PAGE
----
As companies continue to navigate the changing work environment brought on by the pandemic, it has become clear that business leaders will need to get comfortable revising and adapting their strategies to deal with disruption brought on from new technologies and new regulation. As risk management professionals, these rapid changes have made our job more important than ever to our organizations. Yet the majority of our organizations—particularly in C-suites—remain far from giving risk management experts the seat at the table they need to effectively safeguard against enterprise threats, digital or otherwise.
Data from PwC’s Global Risk Survey 2022 shows that executives are starting to recognize these risks: 79% of executives report that they view the breakneck speed of digital transformation as a significant risk management challenge. Moreover, this renewed focus is translating into increased funding, as 65% of organizations are increasing their spending on risk management technology and 56% said they planned to invest in risk culture and behavioral risk in 2022.
Unfortunately, the survey also found that too many organizations are treating the risk function as an add-on or incorporating risk leaders into strategic conversations too late. Only 39% of business leaders reported adding risk professionals to decision-making processes early, which should be an essential step for executives seeking to minimize risk from the outset. On a broader scale, executives seemed to lack confidence in risk managers, with only 47% of respondents saying they feel “very confident” in their risk function’s ability to build a more risk-aware culture, a key element of any successful risk-focused company.
Particularly as companies invest in emerging technologies, business leaders need to listen more to their risk and compliance functions and integrate them into conversations about how those technologies will be implemented. Artificial intelligence is a great example: when companies rush to implement systems to accelerate efficiency and analyze trends, they risk creating disproportionate bias and violating personal privacy through data sourcing. Risk professionals need to be at the table from beginning to end to make sure that an evolving regulatory environment and other pitfalls are fully accounted for in the organization’s implementation process.
While investment in risk management technology is helpful, it is insufficient without making structural changes to the organization to prioritize the risk function company-wide. Particularly as companies consider adopting emerging technologies, the following steps should be considered not just by risk management professionals, but across the C-suite:
- Identify, categorize, and prioritize technology risks across the company. This should be done on a regular basis by a dedicated risk management team, married with the best tools available, with findings routinely reported back to senior leaders. Companies are on the right track here: 65% plan to increase their technology spend this year across data analytics and process automation to support detection and monitoring of risks. This initial step will lay the framework for the establishment of cyber threat intelligence, systems monitoring, and incident response protocols.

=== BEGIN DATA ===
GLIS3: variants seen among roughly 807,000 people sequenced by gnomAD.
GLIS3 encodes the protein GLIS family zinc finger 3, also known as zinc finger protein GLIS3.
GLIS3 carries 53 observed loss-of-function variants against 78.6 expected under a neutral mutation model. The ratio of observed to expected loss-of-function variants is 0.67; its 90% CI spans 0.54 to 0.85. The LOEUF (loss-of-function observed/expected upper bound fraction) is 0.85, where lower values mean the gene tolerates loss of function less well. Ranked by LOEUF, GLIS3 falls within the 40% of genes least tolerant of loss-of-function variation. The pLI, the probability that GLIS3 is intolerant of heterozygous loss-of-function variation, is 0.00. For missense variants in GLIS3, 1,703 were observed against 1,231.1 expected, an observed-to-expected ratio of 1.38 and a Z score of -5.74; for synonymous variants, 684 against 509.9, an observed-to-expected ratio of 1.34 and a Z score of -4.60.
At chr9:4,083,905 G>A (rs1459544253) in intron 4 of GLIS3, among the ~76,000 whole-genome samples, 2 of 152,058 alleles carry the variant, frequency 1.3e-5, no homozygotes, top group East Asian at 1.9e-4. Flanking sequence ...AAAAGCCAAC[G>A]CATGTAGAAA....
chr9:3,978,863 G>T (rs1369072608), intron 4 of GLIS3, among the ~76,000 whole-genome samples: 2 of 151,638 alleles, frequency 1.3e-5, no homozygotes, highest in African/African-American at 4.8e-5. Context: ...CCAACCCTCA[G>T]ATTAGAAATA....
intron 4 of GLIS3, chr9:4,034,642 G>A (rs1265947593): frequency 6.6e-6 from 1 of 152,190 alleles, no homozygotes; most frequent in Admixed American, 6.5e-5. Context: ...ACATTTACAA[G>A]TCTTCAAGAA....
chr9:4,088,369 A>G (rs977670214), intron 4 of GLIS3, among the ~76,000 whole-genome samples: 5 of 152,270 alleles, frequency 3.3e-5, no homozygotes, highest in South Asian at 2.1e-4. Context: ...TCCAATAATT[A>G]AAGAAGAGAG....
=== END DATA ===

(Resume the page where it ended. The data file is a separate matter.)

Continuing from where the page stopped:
- Adapt IT governance to the emerging technologies being adopted. Risk professionals should work with IT teams and company leadership to create governance structures that integrate seamlessly with corporate strategy, allowing for alignment of day-to-day operations, effective decision-making, a framework for best practices, and promotion of investments that enhance business objectives.
- Update leadership often on the emerging tech regulatory landscape. Whether across data privacy rules, cyber reporting requirements, or other complex technology challenges, a robust compliance program should keep leaders across the company updated as new technologies are implemented. Otherwise, companies risk run-ins with legal authorities and the erosion of trust from their clients and customers.
- Set expectations with leadership that not all risks are one and the same. Understanding the context around each piece of technology will become imperative to understanding its specific risks and the appropriate response strategy, including the maturity and complexity of the business processes to determine true risk to the company. Inherent in this case-by-case evaluation is an understanding of the company’s risk appetite and criteria for acceptable level of risk.
When adopted purposefully, emerging technologies can make companies more efficient, more profitable, and better stewards for their employees, clients and communities. Risk is often unavoidable for early adopters of emerging technologies, but it can be mitigated if C-suites equip their risk functions with a holistic strategy and a voice in key business decisions. As C-suites and organizations seek to adapt to a changing world, their success will hinge on the extent to which risk management is incorporated into their strategies.